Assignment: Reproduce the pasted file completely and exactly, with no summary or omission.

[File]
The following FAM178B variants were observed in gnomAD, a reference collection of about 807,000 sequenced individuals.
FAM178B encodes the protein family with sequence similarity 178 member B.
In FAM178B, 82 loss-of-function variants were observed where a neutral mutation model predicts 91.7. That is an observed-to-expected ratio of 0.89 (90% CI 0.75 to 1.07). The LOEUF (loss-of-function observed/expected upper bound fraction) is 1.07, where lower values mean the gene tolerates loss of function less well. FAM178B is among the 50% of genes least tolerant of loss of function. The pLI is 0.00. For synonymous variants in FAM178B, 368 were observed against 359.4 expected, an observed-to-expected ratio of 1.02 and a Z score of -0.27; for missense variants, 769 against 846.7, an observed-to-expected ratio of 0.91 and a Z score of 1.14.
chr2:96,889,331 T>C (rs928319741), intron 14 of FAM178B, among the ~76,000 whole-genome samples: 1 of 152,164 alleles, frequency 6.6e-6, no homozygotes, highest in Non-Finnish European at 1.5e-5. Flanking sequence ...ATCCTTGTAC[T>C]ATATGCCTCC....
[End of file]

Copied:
The following FAM178B variants were observed in gnomAD, a reference collection of about 807,000 sequenced individuals.
FAM178B encodes the protein family with sequence similarity 178 member B.
In FAM178B, 82 loss-of-function variants were observed where a neutral mutation model predicts 91.7. That is an observed-to-expected ratio of 0.89 (90% CI 0.75 to 1.07). The LOEUF (loss-of-function observed/expected upper bound fraction) is 1.07, where lower values mean the gene tolerates loss of function less well. FAM178B is among the 50% of genes least tolerant of loss of function. The pLI is 0.00. For synonymous variants in FAM178B, 368 were observed against 359.4 expected, an observed-to-expected ratio of 1.02 and a Z score of -0.27; for missense variants, 769 against 846.7, an observed-to-expected ratio of 0.91 and a Z score of 1.14.
chr2:96,889,331 T>C (rs928319741), intron 14 of FAM178B, among the ~76,000 whole-genome samples: 1 of 152,164 alleles, frequency 6.6e-6, no homozygotes, highest in Non-Finnish European at 1.5e-5. Flanking sequence ...ATCCTTGTAC[T>C]ATATGCCTCC....